Yes, he can rock a suit. And the man pitches a mean cigarette slogan. But Mad Men's resident mystery cad Don Draper "cheats on his pre-Friedan-ized wife, Betty, going through mistresses like packs of Lucky Strike cigarettes. He is stoic, handsome, emotionally stunted." So, why, according to the Observer's Irina Aleksander, are liberated, independent women whose own supportive husbands happily stay at home feeding baby Thelonius Walnut organic applesauce dreaming of their own emotionally unavailable dick?"If you just compare him, to, say, Patrick Dempsey on Grey's Anatomy, Dr. McDreamy comes off as a whiny little sensitive bitch," says one Draper fan to the Observer. Adds another of her perfect house husband, "It works as a social system, but it's not terribly erotic." The Observer piece chronicles a bunch of these enlightened yuppie marriages. The working women described are unsurprisingly proud - or defensive - about their partners. "It takes a certain kind of guy to be confident enough to stay home and still have a sense of identity...(my husband) can easily choose to be in the corporate world and make a lot of money, but he chose to stay at home," says one. Adds a stay-at-home dad, "There just aren't those issues of masculinity." Here's one dad's day:
Every morning, Mr. Ryan wakes up between 4:30 and 5 and cleans the house; gets the laundry cycle through; makes a to-do list and plans the meals; gets the children up; and goes for a run with the dog. He makes an errand run: dry cleaning, hardware store, socks for his son, pay off a parking ticket, pick up a new coffee carafe, the tennis club, make doctor's appointments for the kids, then grocery store. Shower, shave, then lunch with other SAHDs and SAHMs. Back at the house, he replies to e-mails, mows the lawn, organizes the basement, sands down some wood and makes house repairs, then nap. Kids get home, he makes lunch; then homework, extracurricular activities, and finally, cooks dinner, for which his wife may or may not be present. "There was a word for guys like me back then,' said Mr. Ryan of the 1960s. 'Losers.'"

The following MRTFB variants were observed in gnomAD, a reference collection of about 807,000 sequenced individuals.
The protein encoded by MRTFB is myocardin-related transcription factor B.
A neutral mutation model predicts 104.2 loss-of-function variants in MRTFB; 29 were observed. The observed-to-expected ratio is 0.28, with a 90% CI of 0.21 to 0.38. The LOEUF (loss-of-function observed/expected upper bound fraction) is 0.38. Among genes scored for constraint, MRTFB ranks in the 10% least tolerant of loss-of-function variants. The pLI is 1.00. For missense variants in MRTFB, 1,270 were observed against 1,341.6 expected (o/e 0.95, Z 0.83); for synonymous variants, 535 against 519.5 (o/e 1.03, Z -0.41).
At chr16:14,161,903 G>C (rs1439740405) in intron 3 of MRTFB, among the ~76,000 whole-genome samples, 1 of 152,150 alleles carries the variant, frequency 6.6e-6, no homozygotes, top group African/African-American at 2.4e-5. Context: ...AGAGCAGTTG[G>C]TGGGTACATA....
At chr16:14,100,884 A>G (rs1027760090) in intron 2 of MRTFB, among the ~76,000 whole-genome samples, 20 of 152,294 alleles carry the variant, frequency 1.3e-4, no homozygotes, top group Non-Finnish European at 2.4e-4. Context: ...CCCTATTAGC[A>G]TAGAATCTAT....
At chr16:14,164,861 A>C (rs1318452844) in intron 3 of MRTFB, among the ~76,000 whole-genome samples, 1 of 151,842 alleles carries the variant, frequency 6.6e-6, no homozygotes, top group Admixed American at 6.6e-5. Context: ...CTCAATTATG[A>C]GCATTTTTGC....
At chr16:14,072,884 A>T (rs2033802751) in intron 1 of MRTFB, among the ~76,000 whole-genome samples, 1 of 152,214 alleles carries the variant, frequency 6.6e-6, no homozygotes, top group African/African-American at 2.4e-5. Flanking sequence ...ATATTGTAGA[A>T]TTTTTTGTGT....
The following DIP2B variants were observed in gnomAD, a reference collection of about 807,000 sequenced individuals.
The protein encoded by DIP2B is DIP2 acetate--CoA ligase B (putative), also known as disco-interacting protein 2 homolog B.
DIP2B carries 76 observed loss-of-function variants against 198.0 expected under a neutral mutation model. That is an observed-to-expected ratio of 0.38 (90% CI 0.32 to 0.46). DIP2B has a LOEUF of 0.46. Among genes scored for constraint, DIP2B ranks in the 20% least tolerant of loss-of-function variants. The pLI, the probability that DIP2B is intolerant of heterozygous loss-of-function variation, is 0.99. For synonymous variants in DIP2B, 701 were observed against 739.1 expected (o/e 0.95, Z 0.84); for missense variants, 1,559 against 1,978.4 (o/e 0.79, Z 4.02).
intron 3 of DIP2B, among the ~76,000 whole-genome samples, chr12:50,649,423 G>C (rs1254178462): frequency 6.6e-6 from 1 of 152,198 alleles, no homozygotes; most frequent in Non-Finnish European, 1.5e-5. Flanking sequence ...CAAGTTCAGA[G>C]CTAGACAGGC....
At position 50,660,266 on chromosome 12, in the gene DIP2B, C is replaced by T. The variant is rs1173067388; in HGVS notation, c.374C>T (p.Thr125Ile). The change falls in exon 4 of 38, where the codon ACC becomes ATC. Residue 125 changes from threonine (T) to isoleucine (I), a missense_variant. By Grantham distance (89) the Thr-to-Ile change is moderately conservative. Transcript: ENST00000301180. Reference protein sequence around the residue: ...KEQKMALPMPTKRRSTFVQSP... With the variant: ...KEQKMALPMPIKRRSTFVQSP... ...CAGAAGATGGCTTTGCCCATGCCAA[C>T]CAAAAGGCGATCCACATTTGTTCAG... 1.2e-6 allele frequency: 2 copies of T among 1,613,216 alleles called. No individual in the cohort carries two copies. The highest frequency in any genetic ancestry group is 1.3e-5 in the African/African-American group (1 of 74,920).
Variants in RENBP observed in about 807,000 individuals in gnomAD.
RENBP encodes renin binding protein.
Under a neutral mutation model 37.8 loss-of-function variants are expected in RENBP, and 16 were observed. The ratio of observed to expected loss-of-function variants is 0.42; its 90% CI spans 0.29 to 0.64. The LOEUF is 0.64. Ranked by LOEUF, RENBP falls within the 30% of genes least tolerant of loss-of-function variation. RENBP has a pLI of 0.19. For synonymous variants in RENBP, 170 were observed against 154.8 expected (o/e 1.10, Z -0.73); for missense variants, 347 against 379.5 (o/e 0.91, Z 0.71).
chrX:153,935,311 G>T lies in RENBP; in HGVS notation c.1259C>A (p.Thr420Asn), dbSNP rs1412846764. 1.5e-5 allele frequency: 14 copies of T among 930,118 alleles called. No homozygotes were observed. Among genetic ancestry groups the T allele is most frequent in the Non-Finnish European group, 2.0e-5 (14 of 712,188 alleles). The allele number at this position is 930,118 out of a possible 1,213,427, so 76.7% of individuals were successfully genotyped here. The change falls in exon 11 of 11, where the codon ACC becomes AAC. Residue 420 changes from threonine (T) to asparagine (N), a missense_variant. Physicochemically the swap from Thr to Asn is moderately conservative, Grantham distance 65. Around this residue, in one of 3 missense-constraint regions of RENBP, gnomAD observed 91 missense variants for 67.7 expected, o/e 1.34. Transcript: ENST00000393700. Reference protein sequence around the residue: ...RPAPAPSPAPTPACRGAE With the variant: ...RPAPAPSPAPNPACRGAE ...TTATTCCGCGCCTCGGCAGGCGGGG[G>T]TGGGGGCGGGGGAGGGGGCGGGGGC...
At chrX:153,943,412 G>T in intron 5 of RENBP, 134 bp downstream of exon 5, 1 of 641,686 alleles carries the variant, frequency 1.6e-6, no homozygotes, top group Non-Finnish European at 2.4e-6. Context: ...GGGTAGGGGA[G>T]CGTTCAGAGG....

More to the point, there was a word for women like him: normal housewives. And yet, these same wives admit to idolizing the remote philanderer who'd never dream of lifting a finger in the kitchen. Says one "anonymous Brooklyn mom", "You appreciate a stay-at-home dad - as feminists, this is what we wanted! - but marriage now is all about equal partnership," and that's apparently not hot. Another wife complains about having to listen to her husband drone on about preschool. "And I just completely glazed over, went a million miles away in my head. I thought, 'Jesus, fellas, get a life!'" These women protest that it's not just Don Draper's smoldering looks and emotional unavailability that gets their motors running. It's that he's secretly sensitive: "With his taste for strong women living outside the very rules he feels boxed in by, Don Draper seems as though he just might understand all angles of the domestic equation." It's not that they want Draper; these women are him. "His sense of yearning, his sense of being confined by the home yet also craving that confinement and comfort, I identify with it," says one Brooklyn dame with a house hubby. But to others the connection seems more basic: "When our world is so chaotic, we tend to romanticize a time when men were men and women were women. Certainly, Don Draper is not making his wife very happy, but there is a strength to him. A stability." You could certainly argue that in painting Don Draper as so complex, so tortured, so stealth-enlightened, so handsome, the Mad Men writers are doing women and men a disservice. They've endowed a definition of pre-feminist masculinity - a composite of all traditional manly virtues - with hints of modernity that make him appealing to women who can fancy he would have swept them off their feet while secretly supporting their dreams of equality. There's a sense on the show that his wife can't keep his interest purely because she's so docile and subservient; we could, we think. Who can compete with that? But what no one interviewed seems to consider is that the situations described in this piece aren't so much "equality" as a pretty direct flip of the old gender divide. When anyone's career takes total precedence over another's, doesn't that automatically create a, well, 1950s dynamic? If all these women are identifying so powerfully with a philandering 1960s businessman whose work life feels unconnected to home, might they consider that their dynamic is just as binary? Not merely that a man is "not being a man" but that they are with a person who has voluntarily put himself second which is, ironically, not erotic? The Career Woman/Understanding Husband dynamic illustrated here is way more like the Betty-Don marriage than those relationships in Mad Men that people find so appealing - Draper's flings with tough, smart women with their own careers. The erotic charge in these scenarios comes from the clash of wills and intellects; in short, from a certain basic equality. Obviously the lives these couples have developed seem to work for them and these women have opportunities and careers Betty Draper could only have dreamed of. But whereas chaos may breed a desire for the defined roles described, ironically what they seem to be fantasizing about is ambiguity. Mad About The Man [New York Observer]